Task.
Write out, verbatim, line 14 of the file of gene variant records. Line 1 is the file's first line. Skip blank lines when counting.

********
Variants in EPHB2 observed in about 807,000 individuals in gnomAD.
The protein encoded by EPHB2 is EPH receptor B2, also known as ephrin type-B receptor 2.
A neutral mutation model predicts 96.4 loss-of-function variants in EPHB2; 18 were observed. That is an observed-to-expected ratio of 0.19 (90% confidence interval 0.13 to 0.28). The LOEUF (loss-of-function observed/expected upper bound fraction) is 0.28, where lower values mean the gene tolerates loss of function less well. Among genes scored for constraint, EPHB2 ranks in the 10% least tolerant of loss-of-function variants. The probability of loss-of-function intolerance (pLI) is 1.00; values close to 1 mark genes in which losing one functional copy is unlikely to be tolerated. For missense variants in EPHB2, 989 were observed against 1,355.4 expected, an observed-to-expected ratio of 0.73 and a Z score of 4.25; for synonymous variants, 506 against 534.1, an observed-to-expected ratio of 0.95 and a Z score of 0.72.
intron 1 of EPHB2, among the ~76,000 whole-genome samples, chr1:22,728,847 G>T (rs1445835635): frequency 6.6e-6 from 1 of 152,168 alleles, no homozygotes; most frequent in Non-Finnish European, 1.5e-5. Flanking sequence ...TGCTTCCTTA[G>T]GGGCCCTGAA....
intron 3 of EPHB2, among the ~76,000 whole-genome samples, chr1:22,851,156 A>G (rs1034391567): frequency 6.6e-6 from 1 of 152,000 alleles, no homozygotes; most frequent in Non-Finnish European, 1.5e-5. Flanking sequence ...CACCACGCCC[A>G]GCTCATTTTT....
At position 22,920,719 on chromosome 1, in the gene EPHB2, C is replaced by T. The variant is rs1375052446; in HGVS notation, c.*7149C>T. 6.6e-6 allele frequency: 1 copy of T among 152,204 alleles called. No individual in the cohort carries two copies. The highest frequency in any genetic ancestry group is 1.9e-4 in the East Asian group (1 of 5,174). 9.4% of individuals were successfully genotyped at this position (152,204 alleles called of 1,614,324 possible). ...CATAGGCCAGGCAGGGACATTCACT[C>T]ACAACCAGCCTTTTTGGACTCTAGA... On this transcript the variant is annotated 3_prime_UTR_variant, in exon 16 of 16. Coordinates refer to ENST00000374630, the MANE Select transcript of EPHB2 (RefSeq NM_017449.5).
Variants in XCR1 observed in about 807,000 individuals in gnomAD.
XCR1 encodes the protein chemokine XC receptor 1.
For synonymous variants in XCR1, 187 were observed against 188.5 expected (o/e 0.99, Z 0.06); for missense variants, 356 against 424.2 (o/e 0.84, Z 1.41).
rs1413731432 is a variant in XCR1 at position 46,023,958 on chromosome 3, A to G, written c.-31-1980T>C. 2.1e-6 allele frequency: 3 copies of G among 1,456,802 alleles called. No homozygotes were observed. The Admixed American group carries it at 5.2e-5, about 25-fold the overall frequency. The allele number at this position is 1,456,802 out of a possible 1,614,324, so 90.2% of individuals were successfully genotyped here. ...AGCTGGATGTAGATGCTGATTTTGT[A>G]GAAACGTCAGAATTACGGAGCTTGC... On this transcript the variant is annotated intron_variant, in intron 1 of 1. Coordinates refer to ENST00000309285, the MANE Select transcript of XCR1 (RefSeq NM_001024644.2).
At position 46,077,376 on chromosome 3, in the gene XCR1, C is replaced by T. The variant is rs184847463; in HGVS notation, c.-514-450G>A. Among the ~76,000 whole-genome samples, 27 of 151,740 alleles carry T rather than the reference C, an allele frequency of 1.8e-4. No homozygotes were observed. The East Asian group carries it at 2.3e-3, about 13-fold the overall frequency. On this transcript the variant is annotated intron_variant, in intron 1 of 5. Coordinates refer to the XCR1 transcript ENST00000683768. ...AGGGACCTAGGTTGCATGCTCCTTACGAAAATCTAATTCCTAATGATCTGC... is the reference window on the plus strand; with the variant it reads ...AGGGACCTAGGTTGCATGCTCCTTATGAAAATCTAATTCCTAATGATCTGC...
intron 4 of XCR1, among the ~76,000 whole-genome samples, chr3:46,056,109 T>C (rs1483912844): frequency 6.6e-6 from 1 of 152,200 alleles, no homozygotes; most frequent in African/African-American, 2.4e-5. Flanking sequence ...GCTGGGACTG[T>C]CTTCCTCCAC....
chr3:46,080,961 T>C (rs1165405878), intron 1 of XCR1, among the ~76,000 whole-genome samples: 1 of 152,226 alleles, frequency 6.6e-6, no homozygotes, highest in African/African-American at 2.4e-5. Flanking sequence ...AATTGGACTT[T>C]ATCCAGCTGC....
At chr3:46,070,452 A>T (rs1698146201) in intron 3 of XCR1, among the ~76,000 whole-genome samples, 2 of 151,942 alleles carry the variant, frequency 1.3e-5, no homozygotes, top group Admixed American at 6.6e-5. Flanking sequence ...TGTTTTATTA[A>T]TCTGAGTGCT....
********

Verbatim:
At chr3:46,070,452 A>T (rs1698146201) in intron 3 of XCR1, among the ~76,000 whole-genome samples, 2 of 151,942 alleles carry the variant, frequency 1.3e-5, no homozygotes, top group Admixed American at 6.6e-5. Flanking sequence ...TGTTTTATTA[A>T]TCTGAGTGCT....